The first arm of Buddhist love is maitri or lovingkindness, a boundless feeling of friendliness and wishing well for others. Maitri, or metta in the Pali language, implies friendliness: befriending and accepting yourself, your body and mind, and the world.
The second is karuna, or compassion, empathy, being moved by feeling what others feel. The third arm is upeksha, equanimity, recognizing the equality of all that lives. This recognition leads to the wisdom of detachment but not indifference or complacence, which are its near enemies.
The fourth arm is mudita, spiritual joy and satisfaction. This includes rejoicing in the virtue and success of others, — the antidote to envy and jealousy.
The essence of Buddhist relationship is to cultivate the cling-free relationship, enriched with caring and equanimity. It is helpful in intimate relationships to communicate honestly, stay present, tell the truth of your experience using I-statements rather than accusations and judgments, and honor the other enough to show up with an open heart and mind and really listen.
Passion becomes compassion when we bring it into the path, when we recognize every moment in life as a possibility of awakening. Human love and sexual consummation can be like the tip of the iceberg of divine love, an ecstatic intimation of eternity, a portal to infinite depths of the groundlessness and boundarylessness that transports us beyond our limited, egoic selves. People often ask me how to find their Soul Mate, or even if I believe in such a concept. I think that rather than focusing on past lives or on finding the perfect mate in this world, we would generally do better to work on improving and developing ourselves. Make yourself the “perfect” mate, without being too perfectionistic about it, and you will be a good mate with almost anyone. When your heart is pure, your life and the entire world is pure.
We all feel the desire to possess and be possessed, to love and be loved, to connect and be embraced and to belong. However, I think that the most important thing in being together is the tenderness of a good heart. If our relationships aren’t nurturing the growth and development of goodness of heart, openness, generosity, authenticity and intimate connection, they are not serving us or furthering a better world.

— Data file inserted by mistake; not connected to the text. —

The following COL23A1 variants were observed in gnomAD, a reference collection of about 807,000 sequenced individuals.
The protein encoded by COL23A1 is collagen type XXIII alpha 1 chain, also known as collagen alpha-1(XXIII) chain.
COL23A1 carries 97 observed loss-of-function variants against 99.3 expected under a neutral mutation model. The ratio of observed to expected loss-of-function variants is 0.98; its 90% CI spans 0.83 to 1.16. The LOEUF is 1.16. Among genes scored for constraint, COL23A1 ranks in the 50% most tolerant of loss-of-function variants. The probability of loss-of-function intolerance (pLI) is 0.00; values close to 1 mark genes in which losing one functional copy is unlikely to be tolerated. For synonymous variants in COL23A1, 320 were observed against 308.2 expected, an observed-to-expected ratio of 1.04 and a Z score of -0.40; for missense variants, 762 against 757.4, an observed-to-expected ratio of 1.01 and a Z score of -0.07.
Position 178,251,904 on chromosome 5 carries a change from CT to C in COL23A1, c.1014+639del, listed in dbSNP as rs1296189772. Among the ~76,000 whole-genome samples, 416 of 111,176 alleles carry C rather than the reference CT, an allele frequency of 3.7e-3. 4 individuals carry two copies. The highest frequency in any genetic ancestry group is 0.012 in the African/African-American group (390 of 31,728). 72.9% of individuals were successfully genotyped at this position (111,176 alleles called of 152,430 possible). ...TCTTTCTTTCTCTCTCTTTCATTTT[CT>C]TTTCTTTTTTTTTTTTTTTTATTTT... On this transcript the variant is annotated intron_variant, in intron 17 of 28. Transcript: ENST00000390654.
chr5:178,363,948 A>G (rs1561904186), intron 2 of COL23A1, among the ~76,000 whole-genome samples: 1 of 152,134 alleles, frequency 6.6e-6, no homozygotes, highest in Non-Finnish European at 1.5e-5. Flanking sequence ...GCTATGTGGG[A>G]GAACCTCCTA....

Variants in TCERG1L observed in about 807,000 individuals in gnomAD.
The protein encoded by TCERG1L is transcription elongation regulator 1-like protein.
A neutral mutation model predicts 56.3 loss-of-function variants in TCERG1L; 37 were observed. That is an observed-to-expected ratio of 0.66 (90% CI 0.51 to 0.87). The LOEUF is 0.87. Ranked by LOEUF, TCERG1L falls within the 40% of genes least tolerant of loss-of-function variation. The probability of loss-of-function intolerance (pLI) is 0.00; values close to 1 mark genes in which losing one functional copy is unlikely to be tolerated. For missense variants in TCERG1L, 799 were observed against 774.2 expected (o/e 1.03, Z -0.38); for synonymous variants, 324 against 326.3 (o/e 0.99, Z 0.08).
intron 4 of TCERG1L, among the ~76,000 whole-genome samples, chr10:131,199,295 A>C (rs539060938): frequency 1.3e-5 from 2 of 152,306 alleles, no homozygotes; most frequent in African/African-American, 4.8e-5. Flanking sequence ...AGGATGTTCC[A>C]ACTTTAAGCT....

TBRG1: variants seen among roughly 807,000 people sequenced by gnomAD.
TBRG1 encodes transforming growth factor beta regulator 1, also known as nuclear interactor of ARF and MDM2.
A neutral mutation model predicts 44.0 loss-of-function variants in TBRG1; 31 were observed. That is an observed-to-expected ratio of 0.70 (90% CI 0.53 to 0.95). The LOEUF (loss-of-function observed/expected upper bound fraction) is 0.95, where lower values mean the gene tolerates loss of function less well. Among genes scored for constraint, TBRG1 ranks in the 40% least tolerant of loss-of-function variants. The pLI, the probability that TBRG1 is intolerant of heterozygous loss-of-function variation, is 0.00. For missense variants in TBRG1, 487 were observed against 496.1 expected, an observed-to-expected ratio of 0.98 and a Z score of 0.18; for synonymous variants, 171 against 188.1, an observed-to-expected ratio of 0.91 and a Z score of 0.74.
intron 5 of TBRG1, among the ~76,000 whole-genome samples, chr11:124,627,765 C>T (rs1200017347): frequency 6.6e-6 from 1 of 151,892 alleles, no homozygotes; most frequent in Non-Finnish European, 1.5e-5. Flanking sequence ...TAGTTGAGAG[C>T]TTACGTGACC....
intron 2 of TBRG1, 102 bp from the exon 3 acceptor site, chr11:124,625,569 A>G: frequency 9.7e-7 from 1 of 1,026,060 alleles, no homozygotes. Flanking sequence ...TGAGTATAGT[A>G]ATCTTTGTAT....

To truly love people I have learned that I need to let them be, and to love and accept and appreciate them as they are (free of my projections and illusions) and not as how I would like them to be. This is equally true for loving and accepting oneself.
Bhante Henepola Gunaratana writes, in his “Eight Mindful Steps to Happiness: “Whatever attitudes we habitually use toward ourselves, we will use on others, and whatever attitudes we habitually use toward others, we will use on ourselves. The situation is comparable to our serving food to ourselves and to other people from the same bowl. Everyone ends up eating the same thing–we must examine carefully what we are dishing out.”
I notice that children let go of anger and would rather be happy than right, unlike so many of us adults. Like them, my dog reminds me that love is a verb, not a noun. Staying present in this very moment, through mindful awareness and paying attention to what is– rather than dwelling on the past or the future, or on who I think I am and who I imagine others are– helps free me from excess baggage, anxiety and neurosis – and opens me to love.